You can bank on the youth of Tai­wan

‘One China’ com­ment taken out of con­text: Ko


Taipei Mayor Ko Wen-je ( ) yes­ter­day said that main­land Chi­nese me­dia re­ports that unan­i­mously claimed that he sup­ports “One China” were taken out of con­text.

Fol­low­ing a spe­cial joint in­ter­view for main­land Chi­nese me­dia on Mon­day, China news agen­cies such as the Xin­hua News Agency ( ), China Cen­tral Tele­vi­sion ( ) and the China Re­view ( ) quoted Ko yes­ter­day as say­ing, “In our world to­day, no one con­sid­ers that there are two Chi­nas. Hence, there is no prob­lem with one China.”

Re­port­edly, Ko made the com­ment when talk­ing about what “One China” means. The mayor ap­par­ently also said that in the case of Tai­wan, a lot of peo­ple re­main ig­no­rant to the mean­ing of the “1992 Con­sen­sus” ( ), in­clud­ing his for­mer self. Dur­ing Ko’s rou­tine post mu­nic­i­pal meet­ing press con­fer­ence yes­ter­day, the mayor said, “This is what I fear most, be­ing taken out of con­text,” in re­sponse to the Chi­nese re­ports and broad­casts.

Ko said that what he had told Chi­nese press was to first have China de­fine the mean­ing of “One China” be­cause the topic is brought up much too of­ten. Ko said that the def­i­ni­tion of a topic has al­ways been more im­por­tant to him that the la­bel.

Ko’s Tran­script Dif­fers

from China

Dur­ing the press con­fer­ence, Taipei City Gov­ern­ment spokesper­son Lin Ho-ming (

) ad­di­tion­ally read a tran­script of Ko’s state­ment to lo­cal press. Ko’s side claimed what the mayor had ac­tu­ally said was as fol­lows: “In re­al­ity, no one con­sid­ers that there are two Chi­nas in our world to­day. Hence, ‘ One China’ is not the prob­lem, but what is more im­por­tant, is the def­i­ni­tion of the so-called ‘One China,’ and what it is all about. That, is what the en­tire world is more con­cerned about.”

The mayor went on to ex­plain the joint in­ter­view con­ducted the day be­fore. Ko said that China has been pay­ing close at­ten­tion to the Taipei-Shang­hai City Fo­rum ( ), and is also cu­ri­ous about his per­spec­tive on var­i­ous is­sues.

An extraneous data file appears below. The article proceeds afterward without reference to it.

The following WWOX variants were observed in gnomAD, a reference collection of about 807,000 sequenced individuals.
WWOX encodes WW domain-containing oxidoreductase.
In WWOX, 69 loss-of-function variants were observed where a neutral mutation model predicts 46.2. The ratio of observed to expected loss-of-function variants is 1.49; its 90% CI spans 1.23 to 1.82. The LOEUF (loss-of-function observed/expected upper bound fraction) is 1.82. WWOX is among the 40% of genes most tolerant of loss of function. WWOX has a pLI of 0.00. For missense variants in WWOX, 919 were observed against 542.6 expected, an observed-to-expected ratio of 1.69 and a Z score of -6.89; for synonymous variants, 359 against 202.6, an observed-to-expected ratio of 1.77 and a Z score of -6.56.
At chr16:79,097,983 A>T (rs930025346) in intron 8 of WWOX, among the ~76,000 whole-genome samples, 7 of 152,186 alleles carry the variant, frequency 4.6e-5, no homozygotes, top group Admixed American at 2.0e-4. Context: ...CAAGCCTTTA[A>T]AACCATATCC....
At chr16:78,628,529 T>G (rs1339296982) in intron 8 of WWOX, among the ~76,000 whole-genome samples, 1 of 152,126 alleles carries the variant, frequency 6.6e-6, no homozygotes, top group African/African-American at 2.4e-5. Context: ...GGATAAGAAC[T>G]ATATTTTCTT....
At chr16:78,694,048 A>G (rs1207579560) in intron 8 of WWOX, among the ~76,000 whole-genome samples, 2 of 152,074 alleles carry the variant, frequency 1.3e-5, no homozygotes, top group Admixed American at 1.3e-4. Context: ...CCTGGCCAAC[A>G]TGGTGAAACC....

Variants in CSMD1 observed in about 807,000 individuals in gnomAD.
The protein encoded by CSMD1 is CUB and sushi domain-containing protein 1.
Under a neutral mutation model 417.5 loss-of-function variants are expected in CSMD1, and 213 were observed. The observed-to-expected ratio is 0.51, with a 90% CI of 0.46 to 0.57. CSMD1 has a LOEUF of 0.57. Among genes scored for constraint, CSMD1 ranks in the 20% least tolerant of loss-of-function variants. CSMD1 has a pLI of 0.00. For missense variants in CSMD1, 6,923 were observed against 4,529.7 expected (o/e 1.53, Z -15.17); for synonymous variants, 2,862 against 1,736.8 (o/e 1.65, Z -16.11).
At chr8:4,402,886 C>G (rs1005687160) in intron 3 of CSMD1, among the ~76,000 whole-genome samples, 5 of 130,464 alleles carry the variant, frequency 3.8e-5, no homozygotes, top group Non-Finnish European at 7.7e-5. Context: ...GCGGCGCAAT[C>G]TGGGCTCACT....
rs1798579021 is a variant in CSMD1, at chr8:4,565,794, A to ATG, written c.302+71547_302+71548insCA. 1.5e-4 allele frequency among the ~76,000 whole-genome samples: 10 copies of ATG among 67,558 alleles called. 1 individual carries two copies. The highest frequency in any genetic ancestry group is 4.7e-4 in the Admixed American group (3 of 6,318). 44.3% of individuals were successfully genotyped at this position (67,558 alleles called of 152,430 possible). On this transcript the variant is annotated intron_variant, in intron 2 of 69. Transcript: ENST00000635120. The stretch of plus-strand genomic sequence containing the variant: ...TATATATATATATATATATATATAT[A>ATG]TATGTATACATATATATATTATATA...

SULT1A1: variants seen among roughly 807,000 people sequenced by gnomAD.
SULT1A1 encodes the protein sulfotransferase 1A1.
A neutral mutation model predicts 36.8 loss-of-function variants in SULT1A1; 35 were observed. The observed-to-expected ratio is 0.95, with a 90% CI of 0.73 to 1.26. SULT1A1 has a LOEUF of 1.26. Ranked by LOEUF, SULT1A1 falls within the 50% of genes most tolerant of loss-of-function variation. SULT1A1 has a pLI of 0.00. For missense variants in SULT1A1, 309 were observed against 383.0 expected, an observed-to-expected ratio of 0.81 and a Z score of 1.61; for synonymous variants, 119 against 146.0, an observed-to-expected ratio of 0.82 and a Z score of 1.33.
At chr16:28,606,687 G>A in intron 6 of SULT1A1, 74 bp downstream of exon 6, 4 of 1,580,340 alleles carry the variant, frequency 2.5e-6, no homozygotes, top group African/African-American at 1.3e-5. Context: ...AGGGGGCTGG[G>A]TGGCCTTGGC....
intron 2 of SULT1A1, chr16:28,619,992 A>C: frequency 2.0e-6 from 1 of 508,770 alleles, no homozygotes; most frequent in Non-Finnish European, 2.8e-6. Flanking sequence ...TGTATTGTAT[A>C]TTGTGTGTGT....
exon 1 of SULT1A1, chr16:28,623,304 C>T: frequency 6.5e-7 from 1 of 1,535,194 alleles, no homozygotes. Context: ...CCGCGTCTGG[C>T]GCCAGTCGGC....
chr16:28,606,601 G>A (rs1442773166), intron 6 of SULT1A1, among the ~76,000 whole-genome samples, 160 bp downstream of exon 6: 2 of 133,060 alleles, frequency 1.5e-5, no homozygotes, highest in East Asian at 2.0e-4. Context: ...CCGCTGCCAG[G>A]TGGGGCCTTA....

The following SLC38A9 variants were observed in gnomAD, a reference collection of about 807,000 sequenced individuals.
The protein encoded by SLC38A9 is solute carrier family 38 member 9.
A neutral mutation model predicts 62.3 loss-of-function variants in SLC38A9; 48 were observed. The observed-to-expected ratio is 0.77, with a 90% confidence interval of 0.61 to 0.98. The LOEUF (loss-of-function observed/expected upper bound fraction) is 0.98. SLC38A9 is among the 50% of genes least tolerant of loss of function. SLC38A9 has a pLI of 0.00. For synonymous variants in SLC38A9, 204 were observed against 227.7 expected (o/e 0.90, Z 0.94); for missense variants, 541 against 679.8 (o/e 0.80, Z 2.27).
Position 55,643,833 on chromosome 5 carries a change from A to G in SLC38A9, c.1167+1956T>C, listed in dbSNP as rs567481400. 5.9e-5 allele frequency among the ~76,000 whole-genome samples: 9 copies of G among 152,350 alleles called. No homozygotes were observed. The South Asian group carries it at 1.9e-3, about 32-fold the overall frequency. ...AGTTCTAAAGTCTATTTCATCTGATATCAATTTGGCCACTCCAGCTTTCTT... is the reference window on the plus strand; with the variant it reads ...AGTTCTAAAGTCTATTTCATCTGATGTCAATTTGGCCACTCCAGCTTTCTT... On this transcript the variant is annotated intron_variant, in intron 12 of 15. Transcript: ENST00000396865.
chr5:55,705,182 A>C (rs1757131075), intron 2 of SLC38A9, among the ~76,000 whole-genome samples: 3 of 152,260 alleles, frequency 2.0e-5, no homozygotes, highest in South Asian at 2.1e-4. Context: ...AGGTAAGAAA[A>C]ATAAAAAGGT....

Ac­cord­ing to the mayor, he had told Chi­nese me­dia that, “Cross-strait in­ter­ac­tion should first re­spect the his­tory be­tween the two na­tions and all of the agree­ments that were pre­vi­ously signed and agreed upon. Both na­tions should also build upon the cur­rent po­lit­i­cal foun­da­tion, and mu­tu­ally un­der­stand, learn from and re­spect each other. The two na­tions should also re­main on good terms, so that fu­ture co­op­er­a­tion for a bet­ter fu­ture would be pos­si­ble.”

Ko went on to say that such is his view, which could be re­ferred to as the 2015 New Point-ofView, and is open for dis­cus­sion so that it could even­tu­ally be­come the “2015 Con­sen­sus” (


Ko De­clares Re­moval of 27 Ser­vices from Taipei Po­lice


In re­lated news, Ko passed the re­moval of 27 ser­vices from the re­spon­si­bil­i­ties of the Taipei po­lice dur­ing his rou­tine mu­nic­i­pal meet­ing yes­ter­day.

Re­port­edly, the Taipei City Po­lice Depart­ment re­cently dis­cov­ered that the po­lice are usu­ally called upon by civil­ians to per­form 62 du­ties that are the re­spon­si­bil­i­ties of other de­part­ments.

Con­sid­er­ing the amount of work the po­lice have to do, the mayor re­moved 27 out of the 62 re­spon­si­bil­i­ties from the po­lice.


The Black Is­land Na­tion Youth Front ( ) and other ac­tivists are seen at­tempt­ing to oc­cupy the Pres­i­den­tial Of­fice late last night, protest­ing against Tai­wan join­ing the China-led Asian In­fra­struc­ture In­vest­ment Bank (AIIB). The pro­test­ers were stopped by mil­i­tary po­lice and se­cu­rity. Sev­eral pro­test­ers were ar­rested and some were pushed back by the po­lice. Oth­ers re­mained at the north square in front of the Pres­i­den­tial Of­fice, chant­ing slo­gans.

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